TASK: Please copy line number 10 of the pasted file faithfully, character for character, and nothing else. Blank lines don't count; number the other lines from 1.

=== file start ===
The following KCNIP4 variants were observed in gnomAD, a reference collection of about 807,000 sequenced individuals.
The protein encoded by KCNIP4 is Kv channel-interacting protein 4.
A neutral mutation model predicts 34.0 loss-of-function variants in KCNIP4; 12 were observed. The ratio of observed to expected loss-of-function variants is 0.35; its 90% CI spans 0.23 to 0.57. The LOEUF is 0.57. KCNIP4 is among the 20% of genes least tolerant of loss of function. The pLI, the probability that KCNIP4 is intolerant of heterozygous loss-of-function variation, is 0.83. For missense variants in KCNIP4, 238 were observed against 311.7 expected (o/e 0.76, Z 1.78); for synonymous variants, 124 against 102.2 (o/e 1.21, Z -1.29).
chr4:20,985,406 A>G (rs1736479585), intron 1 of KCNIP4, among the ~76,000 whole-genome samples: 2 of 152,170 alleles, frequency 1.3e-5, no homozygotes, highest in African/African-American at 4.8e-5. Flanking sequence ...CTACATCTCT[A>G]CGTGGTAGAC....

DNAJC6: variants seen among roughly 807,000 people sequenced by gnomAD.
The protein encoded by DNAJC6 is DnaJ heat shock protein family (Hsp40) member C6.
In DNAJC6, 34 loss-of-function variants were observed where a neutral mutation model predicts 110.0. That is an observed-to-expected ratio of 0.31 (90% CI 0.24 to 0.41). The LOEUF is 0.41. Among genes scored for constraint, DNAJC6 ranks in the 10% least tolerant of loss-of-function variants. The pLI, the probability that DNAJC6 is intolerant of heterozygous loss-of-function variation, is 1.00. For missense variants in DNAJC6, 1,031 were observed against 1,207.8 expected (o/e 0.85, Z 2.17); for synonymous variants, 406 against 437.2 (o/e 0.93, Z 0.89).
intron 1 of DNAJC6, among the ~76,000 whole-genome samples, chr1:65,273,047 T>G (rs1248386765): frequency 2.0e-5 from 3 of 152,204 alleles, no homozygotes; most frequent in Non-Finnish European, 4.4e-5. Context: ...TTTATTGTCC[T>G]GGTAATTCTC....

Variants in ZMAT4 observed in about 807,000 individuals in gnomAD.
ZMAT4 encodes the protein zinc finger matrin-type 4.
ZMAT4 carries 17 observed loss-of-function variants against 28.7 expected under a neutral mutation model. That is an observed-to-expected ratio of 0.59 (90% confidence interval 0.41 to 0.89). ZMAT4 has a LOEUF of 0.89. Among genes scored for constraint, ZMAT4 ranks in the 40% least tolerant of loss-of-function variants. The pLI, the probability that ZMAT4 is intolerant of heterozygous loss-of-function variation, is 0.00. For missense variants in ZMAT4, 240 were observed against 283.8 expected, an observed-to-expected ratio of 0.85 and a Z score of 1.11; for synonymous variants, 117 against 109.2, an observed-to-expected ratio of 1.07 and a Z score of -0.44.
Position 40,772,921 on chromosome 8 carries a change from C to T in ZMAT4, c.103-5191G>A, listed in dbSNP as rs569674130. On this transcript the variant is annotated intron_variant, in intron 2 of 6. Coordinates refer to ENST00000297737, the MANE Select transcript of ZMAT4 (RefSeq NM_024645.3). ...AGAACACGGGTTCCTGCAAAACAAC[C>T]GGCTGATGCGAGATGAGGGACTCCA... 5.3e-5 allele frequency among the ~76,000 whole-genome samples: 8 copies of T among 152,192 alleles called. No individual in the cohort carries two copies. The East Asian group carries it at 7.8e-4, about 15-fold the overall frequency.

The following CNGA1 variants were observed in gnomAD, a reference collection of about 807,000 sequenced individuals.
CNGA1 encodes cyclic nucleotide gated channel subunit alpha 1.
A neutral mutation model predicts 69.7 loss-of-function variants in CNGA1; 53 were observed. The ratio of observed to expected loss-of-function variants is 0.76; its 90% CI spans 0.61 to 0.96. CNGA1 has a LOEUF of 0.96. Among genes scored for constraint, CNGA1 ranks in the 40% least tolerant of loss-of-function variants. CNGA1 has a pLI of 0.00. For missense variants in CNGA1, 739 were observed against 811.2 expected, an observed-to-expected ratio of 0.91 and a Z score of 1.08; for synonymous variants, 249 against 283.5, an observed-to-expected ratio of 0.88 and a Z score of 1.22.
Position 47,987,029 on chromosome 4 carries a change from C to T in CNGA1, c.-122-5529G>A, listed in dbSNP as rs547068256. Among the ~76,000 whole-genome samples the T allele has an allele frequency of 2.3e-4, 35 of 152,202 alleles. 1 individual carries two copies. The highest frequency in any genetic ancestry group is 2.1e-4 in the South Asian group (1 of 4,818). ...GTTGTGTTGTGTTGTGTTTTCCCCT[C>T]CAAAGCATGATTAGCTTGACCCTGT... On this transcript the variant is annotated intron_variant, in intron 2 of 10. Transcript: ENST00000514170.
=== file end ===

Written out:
ZMAT4 encodes the protein zinc finger matrin-type 4.